Set up Nginx to reverse proxy angular & node apps – Quokka Labs

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Set up Nginx to reverse proxy angular & node apps – Quokka Labs

Nginx as we all know is one of the most popular web servers in the world with a ton of cool features with its high performance and low memory footprint as well as the ability to act as a reverse proxy which is beneficial if you have some javascript applications running on your server on different ports. But how do we set it up for this typical task? Well not so typical after all as it’s fairly simple to configure.


Just a running linux server instance, ability to run a few commands and a javascript project running on some port number. For our demonstration here, we will use a t2micro ec2 instance with Ubuntu18 OS. We have a nodeJs app running on port 3000.

Step 1: Install Nginx

Since it is readily available in ubuntu’s default repository so just a few commands should do it.

$ sudo apt-get update
$ sudo apt-get install nginx

Step 2: Firewall configuration

For Nginx to run, it needs to be allowed by the system firewall, nginx registers itself to the firewall which make the job a little bit easier. As we run the following command

$ sudo ufw app list

It will fetch you a list of the application profiles as below:

Available applications:
 Nginx Full
 Nginx HTTP
 Nginx HTTPS

As you can see above, it shows three profiles:

Nginx Full: Allows traffic to flow from port 80 (normal, unencypted) and on port 443 (SSL encrypted)

Nginx HTTP: Allows traffic to flow from port 80 (normal, unencypted) only.

Nginx HTTPS: Allows traffic to flow from port 443 (SSL encrypted) only.

Choose as your requirement, for now we are going to allow all, so

$ sudo ufw allow 'Nginx Full'

and then just check it for confirmation by

$ sudo ufw status

It should give you something like the below

Status: active

To                         Action      From
--                         ------      ----
OpenSSH                    ALLOW       Anywhere                  
Nginx HTTP                 ALLOW       Anywhere                  
OpenSSH (v6)               ALLOW       Anywhere (v6)             
Nginx HTTP (v6)            ALLOW       Anywhere (v6)

Step 3: Start the web server

Now just start the server and check its status before we move to the main task.

$ sudo service nginx start
$ sudo service nginx status

It should show something like the following:

nginx.service - A high performance web server and a reverse proxy server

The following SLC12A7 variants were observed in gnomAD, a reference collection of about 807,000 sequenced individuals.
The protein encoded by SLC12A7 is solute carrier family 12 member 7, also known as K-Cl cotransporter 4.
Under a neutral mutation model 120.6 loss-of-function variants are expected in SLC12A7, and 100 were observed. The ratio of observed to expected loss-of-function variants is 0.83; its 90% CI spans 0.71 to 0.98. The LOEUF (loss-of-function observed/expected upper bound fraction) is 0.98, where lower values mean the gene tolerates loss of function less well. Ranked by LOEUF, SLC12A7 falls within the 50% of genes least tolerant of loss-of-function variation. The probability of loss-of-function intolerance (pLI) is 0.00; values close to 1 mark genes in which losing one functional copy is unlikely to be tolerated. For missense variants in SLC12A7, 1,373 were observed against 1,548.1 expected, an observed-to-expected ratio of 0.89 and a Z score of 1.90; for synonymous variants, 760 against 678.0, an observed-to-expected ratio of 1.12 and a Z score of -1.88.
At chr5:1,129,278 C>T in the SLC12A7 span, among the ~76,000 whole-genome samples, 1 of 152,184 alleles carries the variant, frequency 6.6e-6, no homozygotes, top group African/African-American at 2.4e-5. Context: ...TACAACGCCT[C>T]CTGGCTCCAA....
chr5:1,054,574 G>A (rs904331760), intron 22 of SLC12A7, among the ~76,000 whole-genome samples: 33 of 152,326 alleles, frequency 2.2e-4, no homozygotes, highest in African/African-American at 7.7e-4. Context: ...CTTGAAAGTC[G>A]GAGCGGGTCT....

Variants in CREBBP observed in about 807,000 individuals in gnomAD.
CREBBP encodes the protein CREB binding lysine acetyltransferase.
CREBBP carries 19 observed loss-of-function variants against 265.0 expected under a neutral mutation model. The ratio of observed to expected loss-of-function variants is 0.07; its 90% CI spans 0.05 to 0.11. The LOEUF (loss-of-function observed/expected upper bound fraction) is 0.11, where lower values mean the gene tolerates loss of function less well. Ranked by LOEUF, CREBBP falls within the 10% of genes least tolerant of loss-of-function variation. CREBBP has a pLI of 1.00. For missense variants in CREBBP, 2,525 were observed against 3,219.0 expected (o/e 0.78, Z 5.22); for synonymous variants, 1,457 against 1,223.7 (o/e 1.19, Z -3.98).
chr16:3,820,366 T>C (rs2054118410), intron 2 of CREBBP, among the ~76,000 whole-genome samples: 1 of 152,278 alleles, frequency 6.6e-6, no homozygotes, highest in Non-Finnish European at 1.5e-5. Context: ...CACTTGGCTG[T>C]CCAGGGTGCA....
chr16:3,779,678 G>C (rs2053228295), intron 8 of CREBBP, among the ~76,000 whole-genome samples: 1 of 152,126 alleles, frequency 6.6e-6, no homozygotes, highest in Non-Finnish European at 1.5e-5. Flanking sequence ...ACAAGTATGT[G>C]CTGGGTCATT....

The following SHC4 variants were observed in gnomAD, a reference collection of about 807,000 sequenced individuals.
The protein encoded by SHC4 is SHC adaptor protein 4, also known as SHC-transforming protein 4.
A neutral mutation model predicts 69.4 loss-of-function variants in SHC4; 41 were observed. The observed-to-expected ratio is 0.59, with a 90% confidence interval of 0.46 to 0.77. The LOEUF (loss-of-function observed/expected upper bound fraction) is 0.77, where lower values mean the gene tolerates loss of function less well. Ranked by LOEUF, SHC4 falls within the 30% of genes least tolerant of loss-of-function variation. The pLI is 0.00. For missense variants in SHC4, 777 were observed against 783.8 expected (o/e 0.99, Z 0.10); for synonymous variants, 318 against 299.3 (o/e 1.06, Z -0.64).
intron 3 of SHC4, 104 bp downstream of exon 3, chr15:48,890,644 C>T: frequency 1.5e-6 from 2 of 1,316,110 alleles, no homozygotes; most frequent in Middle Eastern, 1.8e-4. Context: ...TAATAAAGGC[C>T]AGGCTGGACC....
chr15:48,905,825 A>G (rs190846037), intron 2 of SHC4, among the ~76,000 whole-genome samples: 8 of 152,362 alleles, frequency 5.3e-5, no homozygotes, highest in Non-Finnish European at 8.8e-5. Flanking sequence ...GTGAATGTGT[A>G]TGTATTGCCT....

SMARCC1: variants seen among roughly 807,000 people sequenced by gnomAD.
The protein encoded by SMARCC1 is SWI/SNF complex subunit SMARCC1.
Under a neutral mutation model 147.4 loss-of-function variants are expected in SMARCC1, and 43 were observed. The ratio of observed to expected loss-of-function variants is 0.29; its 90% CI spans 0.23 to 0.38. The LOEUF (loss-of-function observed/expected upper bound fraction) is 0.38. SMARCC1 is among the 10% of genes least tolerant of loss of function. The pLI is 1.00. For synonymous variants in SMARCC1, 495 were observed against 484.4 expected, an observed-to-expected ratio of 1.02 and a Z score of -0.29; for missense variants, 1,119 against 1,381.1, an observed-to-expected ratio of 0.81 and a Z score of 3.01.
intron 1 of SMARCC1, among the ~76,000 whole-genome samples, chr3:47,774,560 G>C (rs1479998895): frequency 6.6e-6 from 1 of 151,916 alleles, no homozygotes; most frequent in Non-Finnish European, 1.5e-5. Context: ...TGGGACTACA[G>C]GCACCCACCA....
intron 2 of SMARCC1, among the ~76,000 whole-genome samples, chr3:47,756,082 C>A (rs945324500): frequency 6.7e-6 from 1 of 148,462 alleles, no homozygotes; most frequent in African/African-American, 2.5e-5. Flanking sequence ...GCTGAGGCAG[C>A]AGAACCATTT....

Loaded: loaded (/lib/systemd/system/nginx.service; enabled; vendor preset: en
 Active: active (running) since Tue 2020-04-07 07:32:28 UTC; 4 days ago
 Docs: man:nginx(8)
 Process: 25372 ExecStop=/sbin/start-stop-daemon --quiet --stop --retry QUIT/5
 Process: 25386 ExecStart=/usr/sbin/nginx -g daemon on; master_process on; (cod
 Process: 25375 ExecStartPre=/usr/sbin/nginx -t -q -g daemon on; master_process
 Main PID: 25390 (nginx)
 Tasks: 2 (limit: 2361)
 CGroup: /system.slice/nginx.service
 ├─25390 nginx: master process /usr/sbin/nginx -g daemon on; master_pr
 └─25393 nginx: worker process

With the server running, you can verify it by entering your public IP in the browser address bar and the default nginx page should pop up!

Step 4: Configure the reverse proxy

Go down to nginx default site config file and open it to edit.

$ sudo nano /etc/nginx/sites-available/default

You will see the default server block and can remove all that. We will write our own server block to configure our reverse proxy:

server {
        listen 80;
        listen 443 ssl;
        server_name localhost;

        ssl_certificate  /etc/nginx/ssl/server.crt;
        ssl_certificate_key /etc/nginx/ssl/server.pem;

        location / {
                 proxy_pass http://localhost:3000;
                 proxy_http_version 1.1;
                 proxy_set_header Upgrade $http_upgrade;
                 proxy_set_header Connection 'upgrade';
                 proxy_set_header Host $host;
                 proxy_cache_bypass $http_upgrade;

And voila!! Thats all you’ve got to do. Now all requests coming to the web server will be reverse proxied to the application running on port 3000. If you just refresh the tab with your public IP, you should find your node app instead of the default nginx welcome page.